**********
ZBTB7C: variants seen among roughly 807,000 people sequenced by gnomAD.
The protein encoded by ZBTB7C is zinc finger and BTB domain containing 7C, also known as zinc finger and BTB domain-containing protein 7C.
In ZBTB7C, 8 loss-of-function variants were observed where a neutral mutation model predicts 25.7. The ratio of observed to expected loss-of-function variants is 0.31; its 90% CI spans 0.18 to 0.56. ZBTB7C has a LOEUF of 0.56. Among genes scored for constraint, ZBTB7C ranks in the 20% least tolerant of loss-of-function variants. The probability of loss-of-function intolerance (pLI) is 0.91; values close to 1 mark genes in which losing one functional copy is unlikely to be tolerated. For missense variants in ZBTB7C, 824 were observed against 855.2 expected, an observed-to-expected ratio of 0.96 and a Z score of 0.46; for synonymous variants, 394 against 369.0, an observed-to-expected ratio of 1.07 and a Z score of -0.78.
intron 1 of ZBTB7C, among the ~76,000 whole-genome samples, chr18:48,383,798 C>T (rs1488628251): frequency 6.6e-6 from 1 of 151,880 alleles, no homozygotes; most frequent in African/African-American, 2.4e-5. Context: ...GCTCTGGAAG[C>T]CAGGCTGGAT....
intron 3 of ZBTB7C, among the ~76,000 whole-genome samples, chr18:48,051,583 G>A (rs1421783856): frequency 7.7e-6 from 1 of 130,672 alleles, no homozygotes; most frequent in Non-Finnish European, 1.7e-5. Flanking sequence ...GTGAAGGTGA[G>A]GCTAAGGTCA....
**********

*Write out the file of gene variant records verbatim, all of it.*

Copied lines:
ZBTB7C: variants seen among roughly 807,000 people sequenced by gnomAD.
The protein encoded by ZBTB7C is zinc finger and BTB domain containing 7C, also known as zinc finger and BTB domain-containing protein 7C.
In ZBTB7C, 8 loss-of-function variants were observed where a neutral mutation model predicts 25.7. The ratio of observed to expected loss-of-function variants is 0.31; its 90% CI spans 0.18 to 0.56. ZBTB7C has a LOEUF of 0.56. Among genes scored for constraint, ZBTB7C ranks in the 20% least tolerant of loss-of-function variants. The probability of loss-of-function intolerance (pLI) is 0.91; values close to 1 mark genes in which losing one functional copy is unlikely to be tolerated. For missense variants in ZBTB7C, 824 were observed against 855.2 expected, an observed-to-expected ratio of 0.96 and a Z score of 0.46; for synonymous variants, 394 against 369.0, an observed-to-expected ratio of 1.07 and a Z score of -0.78.
intron 1 of ZBTB7C, among the ~76,000 whole-genome samples, chr18:48,383,798 C>T (rs1488628251): frequency 6.6e-6 from 1 of 151,880 alleles, no homozygotes; most frequent in African/African-American, 2.4e-5. Context: ...GCTCTGGAAG[C>T]CAGGCTGGAT....
intron 3 of ZBTB7C, among the ~76,000 whole-genome samples, chr18:48,051,583 G>A (rs1421783856): frequency 7.7e-6 from 1 of 130,672 alleles, no homozygotes; most frequent in Non-Finnish European, 1.7e-5. Flanking sequence ...GTGAAGGTGA[G>A]GCTAAGGTCA....